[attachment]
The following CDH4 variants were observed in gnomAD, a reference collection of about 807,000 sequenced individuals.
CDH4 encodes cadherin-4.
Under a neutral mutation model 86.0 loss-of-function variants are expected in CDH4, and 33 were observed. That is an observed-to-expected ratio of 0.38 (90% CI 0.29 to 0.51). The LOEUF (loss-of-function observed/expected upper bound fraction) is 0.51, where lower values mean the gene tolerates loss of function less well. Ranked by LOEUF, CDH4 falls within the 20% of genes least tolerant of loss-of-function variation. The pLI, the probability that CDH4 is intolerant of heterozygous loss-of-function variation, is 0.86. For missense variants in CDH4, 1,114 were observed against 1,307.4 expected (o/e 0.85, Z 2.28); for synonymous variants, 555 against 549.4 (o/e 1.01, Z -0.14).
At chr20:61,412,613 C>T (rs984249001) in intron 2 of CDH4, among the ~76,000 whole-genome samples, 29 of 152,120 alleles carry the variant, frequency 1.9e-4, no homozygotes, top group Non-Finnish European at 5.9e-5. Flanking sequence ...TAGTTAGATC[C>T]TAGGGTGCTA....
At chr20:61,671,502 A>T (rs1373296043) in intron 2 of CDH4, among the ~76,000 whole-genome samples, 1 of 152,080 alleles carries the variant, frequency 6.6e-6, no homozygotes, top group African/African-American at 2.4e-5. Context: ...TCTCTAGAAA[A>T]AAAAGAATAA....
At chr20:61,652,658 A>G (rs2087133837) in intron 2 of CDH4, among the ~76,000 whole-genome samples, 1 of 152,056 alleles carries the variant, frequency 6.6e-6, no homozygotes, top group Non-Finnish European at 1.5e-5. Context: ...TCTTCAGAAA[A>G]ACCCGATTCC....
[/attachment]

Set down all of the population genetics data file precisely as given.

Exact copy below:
The following CDH4 variants were observed in gnomAD, a reference collection of about 807,000 sequenced individuals.
CDH4 encodes cadherin-4.
Under a neutral mutation model 86.0 loss-of-function variants are expected in CDH4, and 33 were observed. That is an observed-to-expected ratio of 0.38 (90% CI 0.29 to 0.51). The LOEUF (loss-of-function observed/expected upper bound fraction) is 0.51, where lower values mean the gene tolerates loss of function less well. Ranked by LOEUF, CDH4 falls within the 20% of genes least tolerant of loss-of-function variation. The pLI, the probability that CDH4 is intolerant of heterozygous loss-of-function variation, is 0.86. For missense variants in CDH4, 1,114 were observed against 1,307.4 expected (o/e 0.85, Z 2.28); for synonymous variants, 555 against 549.4 (o/e 1.01, Z -0.14).
At chr20:61,412,613 C>T (rs984249001) in intron 2 of CDH4, among the ~76,000 whole-genome samples, 29 of 152,120 alleles carry the variant, frequency 1.9e-4, no homozygotes, top group Non-Finnish European at 5.9e-5. Flanking sequence ...TAGTTAGATC[C>T]TAGGGTGCTA....
At chr20:61,671,502 A>T (rs1373296043) in intron 2 of CDH4, among the ~76,000 whole-genome samples, 1 of 152,080 alleles carries the variant, frequency 6.6e-6, no homozygotes, top group African/African-American at 2.4e-5. Context: ...TCTCTAGAAA[A>T]AAAAGAATAA....
At chr20:61,652,658 A>G (rs2087133837) in intron 2 of CDH4, among the ~76,000 whole-genome samples, 1 of 152,056 alleles carries the variant, frequency 6.6e-6, no homozygotes, top group Non-Finnish European at 1.5e-5. Context: ...TCTTCAGAAA[A>G]ACCCGATTCC....